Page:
Arthur Tress
[Photographer, b. 1940, Brooklyn, New York, lives in Cambria, California.]

 In my old age I no longer see the difference between documentary and staged. (2012, age 71) 

Imogen Cunningham
[Photographer, b. 1883, Portland, d. 1976, San Francisco.]

 You know, a documentary is only interesting once in a while. If you look at a whole book of Dorothea [Lange]’s where she has row after row of people bending over and digging out carrots—that can be very tedious. And so it’s only once in a while that something happens that is worth doing. 

Garry Winogrand
[Photographer, b. 1928, New York, d. 1984, Tijuana, Mexico.]

 You know, you’ve heard photographers talk about how they want to know the place better and so on—they’re really talking about their own comfort. Let me put it this way—I have never seen a photograph from which I could tell how long the photographer was there, how well he knew it. 

Larry Clark
[Photographer and filmmaker, b. 1943, Tulsa, Oklahoma, lives in New York.]

 ... I wanted to be a storyteller, tell a story. Which I hate to even admit to now, because I hate photojournalism so badly. 

Nan Goldin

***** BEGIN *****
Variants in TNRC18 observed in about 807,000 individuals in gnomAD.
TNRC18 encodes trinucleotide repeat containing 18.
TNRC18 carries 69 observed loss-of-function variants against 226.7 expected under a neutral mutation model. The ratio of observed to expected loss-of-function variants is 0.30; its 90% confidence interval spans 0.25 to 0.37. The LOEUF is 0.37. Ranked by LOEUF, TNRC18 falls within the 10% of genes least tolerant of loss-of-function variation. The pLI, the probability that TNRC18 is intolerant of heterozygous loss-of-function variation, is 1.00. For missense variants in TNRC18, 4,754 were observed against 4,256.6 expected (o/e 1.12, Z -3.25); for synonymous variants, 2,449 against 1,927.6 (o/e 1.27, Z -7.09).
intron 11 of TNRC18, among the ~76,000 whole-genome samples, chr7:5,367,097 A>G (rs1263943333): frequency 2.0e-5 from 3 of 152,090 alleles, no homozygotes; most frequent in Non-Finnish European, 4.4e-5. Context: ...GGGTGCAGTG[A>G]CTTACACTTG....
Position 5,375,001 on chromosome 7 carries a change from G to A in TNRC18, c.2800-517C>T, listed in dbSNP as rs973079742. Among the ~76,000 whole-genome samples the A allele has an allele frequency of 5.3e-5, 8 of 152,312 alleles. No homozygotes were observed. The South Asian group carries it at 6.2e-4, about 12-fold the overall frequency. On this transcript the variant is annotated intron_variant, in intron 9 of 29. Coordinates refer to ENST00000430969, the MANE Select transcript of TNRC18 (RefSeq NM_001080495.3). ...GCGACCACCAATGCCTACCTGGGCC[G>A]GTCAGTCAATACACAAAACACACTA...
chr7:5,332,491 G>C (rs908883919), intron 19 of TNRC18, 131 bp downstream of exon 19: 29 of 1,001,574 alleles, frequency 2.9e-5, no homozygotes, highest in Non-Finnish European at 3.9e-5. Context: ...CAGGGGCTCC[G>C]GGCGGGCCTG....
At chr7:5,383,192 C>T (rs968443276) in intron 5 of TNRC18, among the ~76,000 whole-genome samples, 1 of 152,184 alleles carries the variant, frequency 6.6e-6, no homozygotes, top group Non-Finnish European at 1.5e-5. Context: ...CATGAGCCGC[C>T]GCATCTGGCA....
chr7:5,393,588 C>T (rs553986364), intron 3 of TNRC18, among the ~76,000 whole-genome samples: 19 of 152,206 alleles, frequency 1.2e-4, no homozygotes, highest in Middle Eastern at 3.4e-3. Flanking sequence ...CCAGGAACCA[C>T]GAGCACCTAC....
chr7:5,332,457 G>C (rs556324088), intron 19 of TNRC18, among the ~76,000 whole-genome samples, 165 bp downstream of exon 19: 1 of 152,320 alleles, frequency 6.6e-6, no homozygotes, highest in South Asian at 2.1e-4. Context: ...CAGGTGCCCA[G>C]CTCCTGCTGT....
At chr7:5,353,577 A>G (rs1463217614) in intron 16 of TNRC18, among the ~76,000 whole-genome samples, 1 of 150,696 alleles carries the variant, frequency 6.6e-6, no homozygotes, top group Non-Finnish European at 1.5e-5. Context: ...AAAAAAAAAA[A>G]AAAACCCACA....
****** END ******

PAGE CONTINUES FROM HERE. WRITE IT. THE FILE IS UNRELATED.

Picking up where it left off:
[Photographer, b. 1953, Washington, D.C., lives in New York and Paris.]

 Where is the line between life and photographing life? 

Jean-Luc Godard
[Filmmaker, b. 1930, Paris, lives in Rolle, Switzerland.]

 Reportage is interesting only when placed in a fictional context, but fiction is interesting only if it is validated by a documentary context. 

Jeff Wall
[Photographer, b. 1946, Vancouver, Canada, lives in Vancouver.]

 In some way [my photographs] claim to be a plausible account of, or a report on, what the events depicted are like, or were like, when they passed without being photographed. (On his “near documentary” images.) 

Clarence John Laughlin
[Photographer, b. 1905, Lake Charles, Louisiana, d. 1985, New Orleans, Louisiana.]

 Let us see as steadily and completely as possible the realities of our age: the wasted lives, the scattered and misused resources (human and material), the steel magic of the misdirected machinery, the mad clockwork tragedy of it all. 
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